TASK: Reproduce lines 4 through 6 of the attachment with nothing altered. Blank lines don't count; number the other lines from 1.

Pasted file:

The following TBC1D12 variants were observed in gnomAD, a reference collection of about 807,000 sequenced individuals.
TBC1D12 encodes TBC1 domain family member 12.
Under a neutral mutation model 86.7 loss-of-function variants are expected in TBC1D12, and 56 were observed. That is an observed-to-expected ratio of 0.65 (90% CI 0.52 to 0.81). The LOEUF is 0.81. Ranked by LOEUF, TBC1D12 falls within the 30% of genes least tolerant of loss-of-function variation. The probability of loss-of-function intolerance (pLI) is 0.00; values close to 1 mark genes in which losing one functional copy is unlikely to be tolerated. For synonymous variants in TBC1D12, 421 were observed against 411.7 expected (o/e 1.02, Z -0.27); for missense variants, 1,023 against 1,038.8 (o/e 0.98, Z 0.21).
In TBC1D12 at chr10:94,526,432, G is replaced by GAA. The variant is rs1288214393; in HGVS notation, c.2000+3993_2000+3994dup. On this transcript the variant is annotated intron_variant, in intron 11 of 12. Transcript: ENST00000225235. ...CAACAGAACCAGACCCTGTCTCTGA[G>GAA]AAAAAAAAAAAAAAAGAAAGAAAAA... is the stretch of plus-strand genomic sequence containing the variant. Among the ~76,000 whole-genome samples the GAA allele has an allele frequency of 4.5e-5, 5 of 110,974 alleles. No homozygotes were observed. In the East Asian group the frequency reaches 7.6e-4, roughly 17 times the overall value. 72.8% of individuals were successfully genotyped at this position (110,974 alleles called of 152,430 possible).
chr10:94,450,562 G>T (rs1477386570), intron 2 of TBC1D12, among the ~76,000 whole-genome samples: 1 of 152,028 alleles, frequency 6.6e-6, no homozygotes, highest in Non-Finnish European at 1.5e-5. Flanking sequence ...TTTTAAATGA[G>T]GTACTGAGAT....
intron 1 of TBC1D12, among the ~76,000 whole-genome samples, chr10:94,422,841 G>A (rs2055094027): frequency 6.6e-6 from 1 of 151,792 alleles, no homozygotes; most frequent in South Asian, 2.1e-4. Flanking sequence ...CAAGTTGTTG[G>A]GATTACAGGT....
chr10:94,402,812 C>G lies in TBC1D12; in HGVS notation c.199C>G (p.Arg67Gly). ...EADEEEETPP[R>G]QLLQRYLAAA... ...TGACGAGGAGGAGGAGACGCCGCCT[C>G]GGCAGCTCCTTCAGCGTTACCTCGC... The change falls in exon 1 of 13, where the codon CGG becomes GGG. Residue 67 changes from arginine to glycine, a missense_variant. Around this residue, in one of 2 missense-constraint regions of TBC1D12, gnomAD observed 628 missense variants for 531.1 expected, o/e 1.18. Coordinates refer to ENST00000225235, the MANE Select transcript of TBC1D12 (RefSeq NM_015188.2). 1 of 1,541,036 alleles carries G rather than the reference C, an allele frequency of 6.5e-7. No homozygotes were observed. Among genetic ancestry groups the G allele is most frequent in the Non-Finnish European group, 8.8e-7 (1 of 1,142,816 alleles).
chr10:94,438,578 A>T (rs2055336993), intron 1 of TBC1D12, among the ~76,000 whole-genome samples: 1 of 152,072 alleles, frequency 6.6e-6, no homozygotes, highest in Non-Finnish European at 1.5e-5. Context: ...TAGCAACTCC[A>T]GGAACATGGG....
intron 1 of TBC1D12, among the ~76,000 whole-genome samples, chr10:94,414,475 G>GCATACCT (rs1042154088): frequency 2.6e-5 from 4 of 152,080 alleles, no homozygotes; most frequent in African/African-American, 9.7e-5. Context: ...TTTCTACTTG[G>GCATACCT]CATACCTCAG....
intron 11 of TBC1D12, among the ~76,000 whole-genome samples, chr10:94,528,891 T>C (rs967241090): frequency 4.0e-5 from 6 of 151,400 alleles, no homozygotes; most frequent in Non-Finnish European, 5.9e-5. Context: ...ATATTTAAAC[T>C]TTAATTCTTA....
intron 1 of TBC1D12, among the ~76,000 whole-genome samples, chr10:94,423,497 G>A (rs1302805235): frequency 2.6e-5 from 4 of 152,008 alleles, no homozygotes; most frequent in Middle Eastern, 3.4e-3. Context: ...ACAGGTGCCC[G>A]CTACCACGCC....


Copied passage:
In TBC1D12 at chr10:94,526,432, G is replaced by GAA. The variant is rs1288214393; in HGVS notation, c.2000+3993_2000+3994dup. On this transcript the variant is annotated intron_variant, in intron 11 of 12. Transcript: ENST00000225235. ...CAACAGAACCAGACCCTGTCTCTGA[G>GAA]AAAAAAAAAAAAAAAGAAAGAAAAA... is the stretch of plus-strand genomic sequence containing the variant. Among the ~76,000 whole-genome samples the GAA allele has an allele frequency of 4.5e-5, 5 of 110,974 alleles. No homozygotes were observed. In the East Asian group the frequency reaches 7.6e-4, roughly 17 times the overall value. 72.8% of individuals were successfully genotyped at this position (110,974 alleles called of 152,430 possible).
chr10:94,450,562 G>T (rs1477386570), intron 2 of TBC1D12, among the ~76,000 whole-genome samples: 1 of 152,028 alleles, frequency 6.6e-6, no homozygotes, highest in Non-Finnish European at 1.5e-5. Flanking sequence ...TTTTAAATGA[G>T]GTACTGAGAT....
intron 1 of TBC1D12, among the ~76,000 whole-genome samples, chr10:94,422,841 G>A (rs2055094027): frequency 6.6e-6 from 1 of 151,792 alleles, no homozygotes; most frequent in South Asian, 2.1e-4. Flanking sequence ...CAAGTTGTTG[G>A]GATTACAGGT....